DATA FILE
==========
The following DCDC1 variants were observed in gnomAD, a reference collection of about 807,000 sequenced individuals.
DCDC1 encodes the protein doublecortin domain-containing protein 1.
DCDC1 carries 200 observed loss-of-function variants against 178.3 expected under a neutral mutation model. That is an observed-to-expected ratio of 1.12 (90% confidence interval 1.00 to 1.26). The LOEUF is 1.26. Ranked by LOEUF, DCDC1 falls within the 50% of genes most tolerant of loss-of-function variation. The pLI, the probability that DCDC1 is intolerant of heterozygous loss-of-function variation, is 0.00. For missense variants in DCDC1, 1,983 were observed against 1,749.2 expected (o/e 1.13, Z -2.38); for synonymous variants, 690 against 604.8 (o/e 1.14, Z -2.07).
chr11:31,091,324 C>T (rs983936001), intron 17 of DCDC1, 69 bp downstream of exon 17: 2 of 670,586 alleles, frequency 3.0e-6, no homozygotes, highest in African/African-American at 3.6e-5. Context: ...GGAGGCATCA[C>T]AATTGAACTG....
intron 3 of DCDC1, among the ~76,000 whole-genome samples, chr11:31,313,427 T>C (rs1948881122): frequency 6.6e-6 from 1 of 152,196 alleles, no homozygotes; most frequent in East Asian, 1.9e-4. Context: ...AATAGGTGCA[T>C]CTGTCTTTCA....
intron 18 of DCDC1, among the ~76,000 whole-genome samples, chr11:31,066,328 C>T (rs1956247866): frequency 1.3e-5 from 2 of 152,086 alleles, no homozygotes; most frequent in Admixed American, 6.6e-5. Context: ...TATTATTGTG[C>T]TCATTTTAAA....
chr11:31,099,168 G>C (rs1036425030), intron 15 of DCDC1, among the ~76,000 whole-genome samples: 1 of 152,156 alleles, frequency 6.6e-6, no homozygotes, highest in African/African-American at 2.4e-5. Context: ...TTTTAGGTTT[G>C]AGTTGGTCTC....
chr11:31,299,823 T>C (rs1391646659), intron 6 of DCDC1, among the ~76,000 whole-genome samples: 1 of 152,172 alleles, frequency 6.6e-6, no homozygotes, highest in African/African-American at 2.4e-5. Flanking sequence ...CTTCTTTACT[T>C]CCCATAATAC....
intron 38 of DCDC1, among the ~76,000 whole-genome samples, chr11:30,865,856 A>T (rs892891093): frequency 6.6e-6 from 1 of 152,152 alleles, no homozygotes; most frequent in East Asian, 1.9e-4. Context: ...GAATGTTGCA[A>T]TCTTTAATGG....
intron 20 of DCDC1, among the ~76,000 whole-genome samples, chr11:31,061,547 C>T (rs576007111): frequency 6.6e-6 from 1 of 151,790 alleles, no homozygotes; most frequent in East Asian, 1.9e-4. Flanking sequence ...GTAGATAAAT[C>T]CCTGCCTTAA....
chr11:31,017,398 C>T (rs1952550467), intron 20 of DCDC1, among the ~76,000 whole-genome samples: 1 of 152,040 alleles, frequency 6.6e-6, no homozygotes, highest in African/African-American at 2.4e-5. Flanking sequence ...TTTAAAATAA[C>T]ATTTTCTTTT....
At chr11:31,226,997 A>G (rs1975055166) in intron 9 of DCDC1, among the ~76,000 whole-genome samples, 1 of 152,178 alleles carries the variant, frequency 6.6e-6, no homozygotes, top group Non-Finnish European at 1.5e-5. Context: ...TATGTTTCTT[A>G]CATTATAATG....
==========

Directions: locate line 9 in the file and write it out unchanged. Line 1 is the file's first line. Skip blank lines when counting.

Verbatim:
intron 38 of DCDC1, among the ~76,000 whole-genome samples, chr11:30,865,856 A>T (rs892891093): frequency 6.6e-6 from 1 of 152,152 alleles, no homozygotes; most frequent in East Asian, 1.9e-4. Context: ...GAATGTTGCA[A>T]TCTTTAATGG....